Tuesday, September 28, 2010

It's about time, eh?

It's been a few weeks since a linocut graced these virtual pages, so it's with great relief (get it?) that I post this satisfying picture of a drying rack loaded with freshly inked sheets.

It's another small relief print– only 5 x 7 inches. When I haven't printed for a couple of weeks I always feel tentative and not quite ready to jump in to something large and complex. The obvious solution is to print every day, but I'm not sure exactly when I might expect that blissful situation to present itself.

Since this first color is limited to a solitary chunk of sky I left the block uncarved and made a little stencil or mask from tracing paper. With the help of this handy technique I was able to ink only the area I wanted and make short work of printing the first color.

There are several reasons for masking this section first, but the two biggest for me are that 1) I've avoided adding to the overall thickness of ink layers on the paper and 2) the next color is yellow, which would not have been too happy about going on over blue.

Tomorrow's a big day... five more thumbnails to go for September, a second color to carve and print, and a visit from a fellow printmaker who's coming up from Colorado Springs to spend the afternoon. Could there BE a nicer day on the schedule? I don't think so.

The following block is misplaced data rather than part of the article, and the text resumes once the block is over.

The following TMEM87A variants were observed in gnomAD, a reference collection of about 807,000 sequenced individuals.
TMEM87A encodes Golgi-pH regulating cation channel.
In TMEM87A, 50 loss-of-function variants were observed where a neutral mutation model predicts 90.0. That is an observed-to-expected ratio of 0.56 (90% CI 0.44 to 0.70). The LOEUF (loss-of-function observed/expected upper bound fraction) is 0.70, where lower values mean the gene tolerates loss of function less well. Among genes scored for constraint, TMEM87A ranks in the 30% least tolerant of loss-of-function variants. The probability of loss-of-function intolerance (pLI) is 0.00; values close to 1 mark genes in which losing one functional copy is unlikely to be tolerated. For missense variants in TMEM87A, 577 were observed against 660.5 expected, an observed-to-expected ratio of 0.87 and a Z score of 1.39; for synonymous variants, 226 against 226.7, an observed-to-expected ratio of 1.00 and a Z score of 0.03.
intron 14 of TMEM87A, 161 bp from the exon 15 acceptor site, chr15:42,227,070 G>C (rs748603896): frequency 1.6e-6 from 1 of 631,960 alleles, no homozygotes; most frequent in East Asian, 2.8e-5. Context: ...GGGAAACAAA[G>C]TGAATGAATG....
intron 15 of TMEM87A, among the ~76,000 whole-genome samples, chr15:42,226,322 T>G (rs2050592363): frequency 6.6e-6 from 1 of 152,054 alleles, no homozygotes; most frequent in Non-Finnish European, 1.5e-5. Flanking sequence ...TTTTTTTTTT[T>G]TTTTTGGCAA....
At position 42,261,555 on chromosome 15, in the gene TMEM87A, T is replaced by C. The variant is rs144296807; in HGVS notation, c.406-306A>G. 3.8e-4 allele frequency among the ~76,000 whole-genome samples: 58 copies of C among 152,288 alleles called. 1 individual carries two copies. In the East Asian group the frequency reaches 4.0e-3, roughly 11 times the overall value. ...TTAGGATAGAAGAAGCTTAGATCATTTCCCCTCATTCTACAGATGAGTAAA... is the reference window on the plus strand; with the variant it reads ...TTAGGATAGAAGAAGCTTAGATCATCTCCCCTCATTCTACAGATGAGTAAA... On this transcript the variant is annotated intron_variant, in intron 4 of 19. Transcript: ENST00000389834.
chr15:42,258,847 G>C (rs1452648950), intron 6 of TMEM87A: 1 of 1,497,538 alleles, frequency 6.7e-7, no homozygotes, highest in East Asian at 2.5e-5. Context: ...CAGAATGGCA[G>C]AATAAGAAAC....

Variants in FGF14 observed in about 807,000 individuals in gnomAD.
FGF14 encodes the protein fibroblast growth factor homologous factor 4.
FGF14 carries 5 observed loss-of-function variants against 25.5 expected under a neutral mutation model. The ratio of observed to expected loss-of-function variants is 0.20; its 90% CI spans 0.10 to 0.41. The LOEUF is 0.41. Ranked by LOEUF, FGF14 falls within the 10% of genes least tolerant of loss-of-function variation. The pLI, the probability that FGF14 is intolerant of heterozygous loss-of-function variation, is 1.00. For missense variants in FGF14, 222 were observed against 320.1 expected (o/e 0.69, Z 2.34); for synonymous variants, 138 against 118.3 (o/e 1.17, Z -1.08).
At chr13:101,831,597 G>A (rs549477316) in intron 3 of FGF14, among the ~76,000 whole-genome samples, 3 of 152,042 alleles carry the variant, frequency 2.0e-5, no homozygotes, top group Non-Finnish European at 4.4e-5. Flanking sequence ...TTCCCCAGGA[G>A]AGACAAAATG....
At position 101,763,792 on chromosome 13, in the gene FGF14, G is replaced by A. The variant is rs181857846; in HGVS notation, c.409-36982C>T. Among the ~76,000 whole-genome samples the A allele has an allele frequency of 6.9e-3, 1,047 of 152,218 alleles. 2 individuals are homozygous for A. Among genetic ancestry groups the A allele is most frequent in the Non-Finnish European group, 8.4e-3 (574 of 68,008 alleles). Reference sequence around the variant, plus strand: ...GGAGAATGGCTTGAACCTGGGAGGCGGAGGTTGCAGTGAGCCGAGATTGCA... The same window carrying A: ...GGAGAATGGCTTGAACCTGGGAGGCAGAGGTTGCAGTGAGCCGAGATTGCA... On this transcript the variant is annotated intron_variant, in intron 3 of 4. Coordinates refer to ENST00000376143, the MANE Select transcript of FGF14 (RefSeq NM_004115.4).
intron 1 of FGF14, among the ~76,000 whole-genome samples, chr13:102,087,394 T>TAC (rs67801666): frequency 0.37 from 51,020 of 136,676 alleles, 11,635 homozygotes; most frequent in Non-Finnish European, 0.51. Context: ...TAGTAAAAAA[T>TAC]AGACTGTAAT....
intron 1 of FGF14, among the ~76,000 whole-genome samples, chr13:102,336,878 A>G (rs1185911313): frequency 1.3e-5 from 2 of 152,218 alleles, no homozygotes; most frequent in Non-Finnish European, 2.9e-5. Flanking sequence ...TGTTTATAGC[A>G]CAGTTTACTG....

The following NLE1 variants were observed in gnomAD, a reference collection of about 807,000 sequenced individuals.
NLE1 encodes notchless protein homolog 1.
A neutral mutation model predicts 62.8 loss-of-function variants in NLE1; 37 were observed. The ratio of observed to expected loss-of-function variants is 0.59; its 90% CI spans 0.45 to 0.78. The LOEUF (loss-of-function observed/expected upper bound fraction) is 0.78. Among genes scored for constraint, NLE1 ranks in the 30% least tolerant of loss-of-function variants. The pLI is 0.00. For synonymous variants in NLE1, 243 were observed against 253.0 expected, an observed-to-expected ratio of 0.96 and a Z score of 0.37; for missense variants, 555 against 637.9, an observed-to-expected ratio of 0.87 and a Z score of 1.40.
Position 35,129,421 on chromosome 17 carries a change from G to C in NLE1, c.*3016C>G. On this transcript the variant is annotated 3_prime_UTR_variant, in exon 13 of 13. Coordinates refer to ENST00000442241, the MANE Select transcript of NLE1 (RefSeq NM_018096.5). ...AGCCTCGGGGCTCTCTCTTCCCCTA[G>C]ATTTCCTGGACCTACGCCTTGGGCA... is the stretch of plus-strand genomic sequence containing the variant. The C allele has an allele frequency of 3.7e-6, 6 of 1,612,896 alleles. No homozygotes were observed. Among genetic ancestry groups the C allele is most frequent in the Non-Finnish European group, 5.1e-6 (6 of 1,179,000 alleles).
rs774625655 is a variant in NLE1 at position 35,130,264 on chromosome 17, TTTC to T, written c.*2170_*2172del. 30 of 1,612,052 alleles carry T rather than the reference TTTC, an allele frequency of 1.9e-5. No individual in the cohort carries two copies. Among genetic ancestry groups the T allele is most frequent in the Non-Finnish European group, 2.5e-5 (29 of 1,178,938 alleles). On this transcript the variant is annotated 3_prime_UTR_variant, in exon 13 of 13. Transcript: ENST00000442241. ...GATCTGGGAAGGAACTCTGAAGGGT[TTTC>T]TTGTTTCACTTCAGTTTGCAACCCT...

Well, maybe if I also won the lottery. That would be nice, too. Then I could start that print-every-day thing. But three out of four ain't bad.


  1. What paper are you using , it looks to have quite a cream tint to it in the photograph?

  2. Funny, Stuart... in one iteration of this post I listed it, but apparently it has gotten away. The paper is Kitikata, so yes, quite creamy. Rather a nervous-making thing for me, but I'm tired of the inconsistency of Hosho.

  3. Good idea with the stencil! It's nice to see all those skies hanging in a neat row....

  4. Great idea with the tracing paper! I'll have to remember it. I've also used bits of "scratch-foam", taped to the block with double-sided tape, to build up and print small areas of colour.